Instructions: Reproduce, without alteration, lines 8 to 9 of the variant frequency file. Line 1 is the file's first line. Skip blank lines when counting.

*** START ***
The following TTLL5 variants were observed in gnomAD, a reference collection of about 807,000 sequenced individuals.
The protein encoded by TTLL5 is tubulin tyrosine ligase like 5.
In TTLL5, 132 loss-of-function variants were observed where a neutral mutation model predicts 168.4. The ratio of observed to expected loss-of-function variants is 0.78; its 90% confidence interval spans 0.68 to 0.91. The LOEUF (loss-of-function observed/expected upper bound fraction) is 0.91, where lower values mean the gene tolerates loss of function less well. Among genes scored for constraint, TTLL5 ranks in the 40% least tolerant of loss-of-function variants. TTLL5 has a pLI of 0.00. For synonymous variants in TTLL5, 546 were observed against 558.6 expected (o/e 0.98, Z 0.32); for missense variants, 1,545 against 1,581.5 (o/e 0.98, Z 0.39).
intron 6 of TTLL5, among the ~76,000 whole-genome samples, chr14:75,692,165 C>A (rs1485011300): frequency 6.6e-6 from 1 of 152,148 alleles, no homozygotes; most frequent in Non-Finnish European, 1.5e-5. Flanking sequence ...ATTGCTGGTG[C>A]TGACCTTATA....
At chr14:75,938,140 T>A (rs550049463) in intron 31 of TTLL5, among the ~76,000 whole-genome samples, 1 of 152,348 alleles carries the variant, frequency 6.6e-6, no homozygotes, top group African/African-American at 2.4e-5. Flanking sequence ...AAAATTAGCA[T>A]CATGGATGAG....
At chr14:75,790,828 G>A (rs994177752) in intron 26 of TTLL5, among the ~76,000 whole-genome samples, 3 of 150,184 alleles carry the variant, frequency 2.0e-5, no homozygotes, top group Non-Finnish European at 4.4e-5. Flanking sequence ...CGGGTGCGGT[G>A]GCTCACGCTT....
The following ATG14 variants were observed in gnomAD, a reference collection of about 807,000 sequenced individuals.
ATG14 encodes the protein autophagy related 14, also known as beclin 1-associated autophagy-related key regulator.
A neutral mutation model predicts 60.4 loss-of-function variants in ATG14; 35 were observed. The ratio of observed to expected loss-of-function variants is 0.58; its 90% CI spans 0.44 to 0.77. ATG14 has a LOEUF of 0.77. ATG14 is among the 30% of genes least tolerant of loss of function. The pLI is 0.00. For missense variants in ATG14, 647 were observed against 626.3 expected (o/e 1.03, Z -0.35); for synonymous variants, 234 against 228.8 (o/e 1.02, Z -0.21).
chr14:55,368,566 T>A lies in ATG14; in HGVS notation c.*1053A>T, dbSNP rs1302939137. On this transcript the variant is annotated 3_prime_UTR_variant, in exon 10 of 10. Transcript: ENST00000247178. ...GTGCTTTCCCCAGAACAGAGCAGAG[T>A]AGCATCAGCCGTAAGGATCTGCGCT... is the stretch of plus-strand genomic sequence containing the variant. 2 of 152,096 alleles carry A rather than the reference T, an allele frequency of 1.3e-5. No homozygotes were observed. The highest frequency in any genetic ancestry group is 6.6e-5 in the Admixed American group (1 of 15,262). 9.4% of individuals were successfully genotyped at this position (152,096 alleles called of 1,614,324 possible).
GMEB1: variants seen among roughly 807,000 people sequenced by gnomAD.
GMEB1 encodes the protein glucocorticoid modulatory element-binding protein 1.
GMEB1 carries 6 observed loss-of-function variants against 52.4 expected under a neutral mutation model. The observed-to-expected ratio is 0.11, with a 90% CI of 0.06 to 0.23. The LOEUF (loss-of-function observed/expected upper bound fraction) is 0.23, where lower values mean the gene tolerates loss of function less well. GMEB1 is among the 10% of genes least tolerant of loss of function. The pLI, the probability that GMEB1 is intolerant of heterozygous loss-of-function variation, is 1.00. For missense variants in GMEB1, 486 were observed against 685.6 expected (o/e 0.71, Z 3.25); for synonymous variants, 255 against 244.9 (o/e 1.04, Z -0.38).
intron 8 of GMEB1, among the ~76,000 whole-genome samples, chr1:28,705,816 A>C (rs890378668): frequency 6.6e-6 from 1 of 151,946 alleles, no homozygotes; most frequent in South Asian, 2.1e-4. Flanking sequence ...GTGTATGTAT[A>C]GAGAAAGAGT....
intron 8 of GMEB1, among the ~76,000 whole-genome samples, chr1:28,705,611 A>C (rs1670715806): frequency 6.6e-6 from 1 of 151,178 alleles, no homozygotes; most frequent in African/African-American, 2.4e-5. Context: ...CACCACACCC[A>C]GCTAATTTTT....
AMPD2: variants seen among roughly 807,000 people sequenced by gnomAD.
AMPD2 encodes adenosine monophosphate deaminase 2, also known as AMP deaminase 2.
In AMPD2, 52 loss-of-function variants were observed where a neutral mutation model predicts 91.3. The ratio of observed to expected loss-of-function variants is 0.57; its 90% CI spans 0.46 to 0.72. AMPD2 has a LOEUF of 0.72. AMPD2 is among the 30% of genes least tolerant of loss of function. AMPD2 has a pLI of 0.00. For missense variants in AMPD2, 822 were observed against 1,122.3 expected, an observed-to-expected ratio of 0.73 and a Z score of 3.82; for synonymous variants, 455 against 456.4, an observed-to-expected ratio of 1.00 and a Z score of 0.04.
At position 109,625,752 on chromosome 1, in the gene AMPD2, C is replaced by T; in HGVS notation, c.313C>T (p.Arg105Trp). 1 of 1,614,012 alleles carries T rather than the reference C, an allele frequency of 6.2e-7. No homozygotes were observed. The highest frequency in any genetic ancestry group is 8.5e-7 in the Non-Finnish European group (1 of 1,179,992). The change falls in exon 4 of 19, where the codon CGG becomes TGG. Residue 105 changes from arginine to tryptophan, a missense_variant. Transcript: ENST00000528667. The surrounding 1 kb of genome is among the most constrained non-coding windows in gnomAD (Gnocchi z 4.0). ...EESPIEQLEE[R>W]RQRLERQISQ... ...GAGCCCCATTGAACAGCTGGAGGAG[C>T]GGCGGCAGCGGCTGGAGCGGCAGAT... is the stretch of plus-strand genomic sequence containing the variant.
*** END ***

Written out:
ATG14 encodes the protein autophagy related 14, also known as beclin 1-associated autophagy-related key regulator.
A neutral mutation model predicts 60.4 loss-of-function variants in ATG14; 35 were observed. The ratio of observed to expected loss-of-function variants is 0.58; its 90% CI spans 0.44 to 0.77. ATG14 has a LOEUF of 0.77. ATG14 is among the 30% of genes least tolerant of loss of function. The pLI is 0.00. For missense variants in ATG14, 647 were observed against 626.3 expected (o/e 1.03, Z -0.35); for synonymous variants, 234 against 228.8 (o/e 1.02, Z -0.21).